Ultimately, Walsh and Piazza make two suggestions for improving counterterrorism policies. Governments that prioritize counterterrorism should make an effort to protect physical integrity rights. And powerful nations like the United States should use their resources to promote these rights overseas, especially in countries that experience a lot of terrorism.

Although he is quick to emphasize that their study sought more to emphasize the connection between physical integrity rights and terrorism than develop policy implications, Walsh suggests that the United States has three levers available to encourage human rights abroad: foreign aid, trade and military training. The U.S. could tie foreign aid to better respect for physical integrity rights, require that countries wishing to join the World Trade Organization take serious steps to improve their human rights records and incorporate rights protection into the military and police training it conducts internationally, especially in Iraq and Afghanistan.

However, he admits, “It is not entirely clear to me that steps such as these would be effective in all, or even many, cases. Foreign governments may choose to abuse human rights because they see this as an effective way to repress the opposition and remain in power. In many cases, the desire to retain power is likely to outweigh any pressure United States could bring to bear. During the late 1970s, for example, the Carter administration sought to link human rights performance to trade and aid. … This effort had mixed results.”

As Piazza concludes, “One way that the U.S. might try to encourage better physical integrity rights conditions in other countries is to simply hold itself to high standards and make sure it protects the human rights of its own terror suspects.”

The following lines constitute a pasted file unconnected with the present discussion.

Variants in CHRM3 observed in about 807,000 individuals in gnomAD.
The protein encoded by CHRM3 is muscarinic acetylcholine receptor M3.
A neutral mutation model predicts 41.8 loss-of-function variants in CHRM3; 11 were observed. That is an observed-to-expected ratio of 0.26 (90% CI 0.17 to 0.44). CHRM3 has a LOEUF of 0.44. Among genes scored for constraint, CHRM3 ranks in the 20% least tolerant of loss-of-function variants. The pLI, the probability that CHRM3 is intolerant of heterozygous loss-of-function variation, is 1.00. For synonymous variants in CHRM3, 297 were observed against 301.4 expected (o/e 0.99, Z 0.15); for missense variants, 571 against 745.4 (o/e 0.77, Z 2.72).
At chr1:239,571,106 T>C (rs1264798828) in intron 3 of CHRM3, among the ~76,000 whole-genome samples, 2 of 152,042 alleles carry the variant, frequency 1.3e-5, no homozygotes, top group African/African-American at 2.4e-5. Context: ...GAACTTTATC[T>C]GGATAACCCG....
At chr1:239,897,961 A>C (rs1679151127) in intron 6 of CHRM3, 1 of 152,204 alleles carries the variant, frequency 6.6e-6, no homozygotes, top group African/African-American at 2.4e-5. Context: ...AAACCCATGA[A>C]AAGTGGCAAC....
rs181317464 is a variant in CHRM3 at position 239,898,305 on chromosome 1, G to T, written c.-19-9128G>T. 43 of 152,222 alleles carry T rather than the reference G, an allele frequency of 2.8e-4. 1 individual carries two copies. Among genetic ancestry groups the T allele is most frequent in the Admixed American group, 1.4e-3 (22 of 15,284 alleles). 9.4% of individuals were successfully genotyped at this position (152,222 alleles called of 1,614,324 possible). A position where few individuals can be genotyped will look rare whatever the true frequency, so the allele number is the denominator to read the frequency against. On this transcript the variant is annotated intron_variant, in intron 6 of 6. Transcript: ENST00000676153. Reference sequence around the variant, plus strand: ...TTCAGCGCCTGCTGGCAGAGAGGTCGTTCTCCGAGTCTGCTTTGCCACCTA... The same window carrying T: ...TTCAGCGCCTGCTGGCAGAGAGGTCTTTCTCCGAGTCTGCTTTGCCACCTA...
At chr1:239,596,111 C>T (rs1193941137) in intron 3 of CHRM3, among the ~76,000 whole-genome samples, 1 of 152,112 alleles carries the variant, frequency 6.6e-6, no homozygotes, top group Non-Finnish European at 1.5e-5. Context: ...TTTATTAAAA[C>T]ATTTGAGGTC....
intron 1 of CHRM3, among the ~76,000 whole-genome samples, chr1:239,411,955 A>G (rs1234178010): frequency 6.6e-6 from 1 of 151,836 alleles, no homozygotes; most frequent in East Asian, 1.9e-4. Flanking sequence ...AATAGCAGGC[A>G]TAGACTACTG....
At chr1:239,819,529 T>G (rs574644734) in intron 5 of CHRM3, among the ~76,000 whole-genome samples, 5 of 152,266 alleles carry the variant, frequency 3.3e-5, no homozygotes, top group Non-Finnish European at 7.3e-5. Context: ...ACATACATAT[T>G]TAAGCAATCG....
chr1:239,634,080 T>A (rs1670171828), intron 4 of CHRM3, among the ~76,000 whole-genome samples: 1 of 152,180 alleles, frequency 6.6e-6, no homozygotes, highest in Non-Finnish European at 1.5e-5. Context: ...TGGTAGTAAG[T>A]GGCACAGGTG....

Rather than pursuing democratization or economic development abroad as the primary weapon to fight terror, as is often suggested, Walsh and Piazza say governments concerned about terrorism should first respect human rights. “Improvements in physical integrity rights,” they write, “involve fewer changes to the structure of the political system and thus are easier for even authoritarian governments to implement while still retaining power.”

Elisabeth Best
Former Miller-McCune Fellow Elisabeth Best is currently pursuing a Masters of Pacific International Affairs at the University of California, San Diego School of International Relations and Pacific Studies, where she is the editor in chief of the Journal of International Policy Solutions. She graduated from UC Santa Barbara in June 2009 with a BA in global studies and a minor in professional editing. As an undergraduate, she wrote for The GW Hatchet and Coastlines magazine and hosted “The Backseat” on WRGW.

More From Elisabeth Best

A weekly roundup of the best of Pacific Standard and PSmag.com, delivered straight to your inbox.

Recent Posts

October 24 • 4:00 PM

We Need to Normalize Drug Use in Our Society

After the disastrous misconceptions of the 20th century, we’re returning to the idea that drugs are an ordinary part of life experience and no more cause addiction than do other behaviors. This is rational and welcome.


October 24 • 2:00 PM

A Letter to the Next Attorney General: Fix Presidential Pardons

More than two years ago, a series showed that white applicants were far more likely to receive clemency than comparable applicants who were black. Since then, the government has spent hundreds of thousands of dollars on a study, but the pardons system remains unchanged.


October 24 • 12:00 PM

What Makes You So Smart, Middle School Math Teacher?

Noah Davis talks to Vern Williams about what makes middle school—yes, middle school—so great.


October 24 • 10:00 AM

Why DNA Is One of Humanity’s Greatest Inventions

How we’ve co-opted our genetic material to change our world.


October 24 • 8:00 AM

What Do Clowns Think of Clowns?

Three major players weigh in on the current state of the clown.


October 24 • 7:13 AM

There Is No Surge in Illegal Immigration

The overall rate of illegal immigration has actually decreased significantly in the last 10 years. The time is ripe for immigration reform.


October 24 • 6:15 AM

Politicians Really Aren’t Better Decision Makers

Politicians took part in a classic choice experiment but failed to do better than the rest of us.


October 24 • 5:00 AM

Why We Gossip: It’s Really All About Ourselves

New research from the Netherlands finds stories we hear about others help us determine how we’re doing.